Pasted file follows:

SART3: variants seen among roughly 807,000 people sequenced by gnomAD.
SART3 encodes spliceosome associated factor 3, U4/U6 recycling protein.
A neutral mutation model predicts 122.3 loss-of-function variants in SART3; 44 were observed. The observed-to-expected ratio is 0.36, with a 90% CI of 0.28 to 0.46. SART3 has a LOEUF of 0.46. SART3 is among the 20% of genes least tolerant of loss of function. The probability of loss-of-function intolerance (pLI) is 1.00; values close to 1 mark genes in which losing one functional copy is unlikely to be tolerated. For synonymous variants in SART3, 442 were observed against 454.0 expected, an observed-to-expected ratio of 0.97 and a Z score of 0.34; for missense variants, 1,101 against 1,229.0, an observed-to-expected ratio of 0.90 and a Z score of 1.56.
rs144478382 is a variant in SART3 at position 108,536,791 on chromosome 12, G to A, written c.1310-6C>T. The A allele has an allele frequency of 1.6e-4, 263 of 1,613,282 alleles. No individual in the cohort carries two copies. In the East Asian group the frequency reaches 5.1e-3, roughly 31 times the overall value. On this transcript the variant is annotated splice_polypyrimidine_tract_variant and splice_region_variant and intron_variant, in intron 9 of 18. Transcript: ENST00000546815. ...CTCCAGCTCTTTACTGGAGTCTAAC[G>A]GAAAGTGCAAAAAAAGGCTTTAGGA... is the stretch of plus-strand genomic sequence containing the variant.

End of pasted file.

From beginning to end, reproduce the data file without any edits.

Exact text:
SART3: variants seen among roughly 807,000 people sequenced by gnomAD.
SART3 encodes spliceosome associated factor 3, U4/U6 recycling protein.
A neutral mutation model predicts 122.3 loss-of-function variants in SART3; 44 were observed. The observed-to-expected ratio is 0.36, with a 90% CI of 0.28 to 0.46. SART3 has a LOEUF of 0.46. SART3 is among the 20% of genes least tolerant of loss of function. The probability of loss-of-function intolerance (pLI) is 1.00; values close to 1 mark genes in which losing one functional copy is unlikely to be tolerated. For synonymous variants in SART3, 442 were observed against 454.0 expected, an observed-to-expected ratio of 0.97 and a Z score of 0.34; for missense variants, 1,101 against 1,229.0, an observed-to-expected ratio of 0.90 and a Z score of 1.56.
rs144478382 is a variant in SART3 at position 108,536,791 on chromosome 12, G to A, written c.1310-6C>T. The A allele has an allele frequency of 1.6e-4, 263 of 1,613,282 alleles. No individual in the cohort carries two copies. In the East Asian group the frequency reaches 5.1e-3, roughly 31 times the overall value. On this transcript the variant is annotated splice_polypyrimidine_tract_variant and splice_region_variant and intron_variant, in intron 9 of 18. Transcript: ENST00000546815. ...CTCCAGCTCTTTACTGGAGTCTAAC[G>A]GAAAGTGCAAAAAAAGGCTTTAGGA... is the stretch of plus-strand genomic sequence containing the variant.